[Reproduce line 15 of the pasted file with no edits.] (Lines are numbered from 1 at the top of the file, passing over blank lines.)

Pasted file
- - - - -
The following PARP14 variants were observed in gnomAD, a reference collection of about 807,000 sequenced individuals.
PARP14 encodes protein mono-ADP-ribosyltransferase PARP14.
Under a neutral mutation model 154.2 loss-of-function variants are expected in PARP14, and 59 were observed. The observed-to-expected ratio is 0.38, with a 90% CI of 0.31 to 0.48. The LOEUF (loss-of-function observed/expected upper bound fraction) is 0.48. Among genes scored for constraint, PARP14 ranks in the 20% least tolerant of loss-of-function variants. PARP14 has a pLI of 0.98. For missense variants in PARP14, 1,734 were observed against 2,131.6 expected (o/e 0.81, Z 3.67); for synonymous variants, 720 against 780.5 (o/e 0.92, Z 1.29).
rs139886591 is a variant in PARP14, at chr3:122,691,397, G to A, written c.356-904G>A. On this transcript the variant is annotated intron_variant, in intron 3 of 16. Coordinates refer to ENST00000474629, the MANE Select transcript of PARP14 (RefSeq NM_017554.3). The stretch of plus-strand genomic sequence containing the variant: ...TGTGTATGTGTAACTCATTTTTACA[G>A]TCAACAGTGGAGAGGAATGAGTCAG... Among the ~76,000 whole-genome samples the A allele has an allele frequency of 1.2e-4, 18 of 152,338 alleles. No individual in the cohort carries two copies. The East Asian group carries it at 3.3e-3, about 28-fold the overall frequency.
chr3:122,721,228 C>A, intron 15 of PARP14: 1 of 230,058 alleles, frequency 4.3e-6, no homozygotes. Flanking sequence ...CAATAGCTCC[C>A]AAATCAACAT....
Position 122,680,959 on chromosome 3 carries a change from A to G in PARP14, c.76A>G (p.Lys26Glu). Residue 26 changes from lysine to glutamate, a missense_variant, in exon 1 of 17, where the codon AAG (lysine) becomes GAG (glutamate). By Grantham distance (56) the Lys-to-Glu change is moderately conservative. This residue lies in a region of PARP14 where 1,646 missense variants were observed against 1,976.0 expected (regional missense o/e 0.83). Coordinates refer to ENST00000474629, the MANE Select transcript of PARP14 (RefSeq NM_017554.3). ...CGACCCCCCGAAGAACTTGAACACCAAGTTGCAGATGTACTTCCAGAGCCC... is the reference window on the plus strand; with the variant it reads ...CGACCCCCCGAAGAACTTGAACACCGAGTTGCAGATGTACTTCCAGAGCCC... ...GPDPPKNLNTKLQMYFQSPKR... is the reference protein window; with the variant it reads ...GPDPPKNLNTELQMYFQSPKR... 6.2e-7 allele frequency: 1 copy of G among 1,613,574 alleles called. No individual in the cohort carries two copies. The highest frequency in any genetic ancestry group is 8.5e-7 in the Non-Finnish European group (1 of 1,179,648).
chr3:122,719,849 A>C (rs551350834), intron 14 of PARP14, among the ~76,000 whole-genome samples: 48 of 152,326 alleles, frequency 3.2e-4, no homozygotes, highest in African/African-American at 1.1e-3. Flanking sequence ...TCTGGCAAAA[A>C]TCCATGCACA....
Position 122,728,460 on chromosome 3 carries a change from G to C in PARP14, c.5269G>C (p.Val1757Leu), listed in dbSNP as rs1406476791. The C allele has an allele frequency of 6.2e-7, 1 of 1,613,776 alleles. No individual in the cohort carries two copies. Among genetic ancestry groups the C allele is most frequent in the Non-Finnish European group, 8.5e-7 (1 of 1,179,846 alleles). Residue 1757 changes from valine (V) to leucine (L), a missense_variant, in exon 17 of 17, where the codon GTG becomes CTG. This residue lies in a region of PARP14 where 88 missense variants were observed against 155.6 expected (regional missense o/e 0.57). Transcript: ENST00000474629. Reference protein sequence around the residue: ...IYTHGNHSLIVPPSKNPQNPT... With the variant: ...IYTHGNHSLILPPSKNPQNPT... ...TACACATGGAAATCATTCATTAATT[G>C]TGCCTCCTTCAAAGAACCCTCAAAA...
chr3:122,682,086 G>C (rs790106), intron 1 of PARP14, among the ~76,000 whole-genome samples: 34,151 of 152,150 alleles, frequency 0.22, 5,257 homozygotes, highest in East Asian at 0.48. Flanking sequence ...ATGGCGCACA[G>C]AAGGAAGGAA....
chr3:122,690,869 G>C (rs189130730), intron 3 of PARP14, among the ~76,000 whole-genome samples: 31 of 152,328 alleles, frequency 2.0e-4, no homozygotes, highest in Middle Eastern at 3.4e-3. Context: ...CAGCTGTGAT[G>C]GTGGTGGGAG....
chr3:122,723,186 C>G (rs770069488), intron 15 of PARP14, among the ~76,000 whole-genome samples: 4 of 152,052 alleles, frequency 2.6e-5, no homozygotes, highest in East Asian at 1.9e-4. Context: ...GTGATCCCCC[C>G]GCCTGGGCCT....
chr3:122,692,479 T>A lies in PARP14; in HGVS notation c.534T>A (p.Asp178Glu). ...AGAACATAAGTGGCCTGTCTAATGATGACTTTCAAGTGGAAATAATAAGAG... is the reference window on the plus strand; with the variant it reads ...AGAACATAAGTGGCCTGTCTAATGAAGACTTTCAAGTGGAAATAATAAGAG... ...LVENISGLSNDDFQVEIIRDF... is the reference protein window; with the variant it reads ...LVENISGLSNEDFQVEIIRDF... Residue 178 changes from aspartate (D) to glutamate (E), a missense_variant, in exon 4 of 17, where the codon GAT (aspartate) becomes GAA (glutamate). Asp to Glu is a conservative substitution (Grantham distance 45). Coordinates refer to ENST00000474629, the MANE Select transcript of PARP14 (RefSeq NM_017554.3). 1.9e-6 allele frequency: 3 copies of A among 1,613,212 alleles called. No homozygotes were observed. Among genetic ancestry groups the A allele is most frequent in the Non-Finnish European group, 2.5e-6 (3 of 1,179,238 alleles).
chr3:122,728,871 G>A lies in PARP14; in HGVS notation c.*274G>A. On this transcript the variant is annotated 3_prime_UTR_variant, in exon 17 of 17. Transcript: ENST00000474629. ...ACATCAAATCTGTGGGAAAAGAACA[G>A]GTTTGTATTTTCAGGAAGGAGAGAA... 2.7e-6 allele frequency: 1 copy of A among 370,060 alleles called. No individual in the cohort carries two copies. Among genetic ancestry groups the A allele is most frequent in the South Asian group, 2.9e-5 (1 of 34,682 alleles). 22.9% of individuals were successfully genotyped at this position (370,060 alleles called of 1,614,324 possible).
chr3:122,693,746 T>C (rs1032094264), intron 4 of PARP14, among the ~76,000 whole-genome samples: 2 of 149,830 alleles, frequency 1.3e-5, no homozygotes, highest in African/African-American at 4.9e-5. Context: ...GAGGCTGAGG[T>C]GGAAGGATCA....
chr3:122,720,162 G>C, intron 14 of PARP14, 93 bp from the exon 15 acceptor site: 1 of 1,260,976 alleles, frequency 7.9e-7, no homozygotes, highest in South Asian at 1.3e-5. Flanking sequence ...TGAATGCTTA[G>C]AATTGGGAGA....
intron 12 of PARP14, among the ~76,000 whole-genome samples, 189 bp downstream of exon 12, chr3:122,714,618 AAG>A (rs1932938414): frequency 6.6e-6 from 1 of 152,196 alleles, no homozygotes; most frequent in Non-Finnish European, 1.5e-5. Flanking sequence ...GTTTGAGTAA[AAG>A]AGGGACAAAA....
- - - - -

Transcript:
chr3:122,720,162 G>C, intron 14 of PARP14, 93 bp from the exon 15 acceptor site: 1 of 1,260,976 alleles, frequency 7.9e-7, no homozygotes, highest in South Asian at 1.3e-5. Flanking sequence ...TGAATGCTTA[G>C]AATTGGGAGA....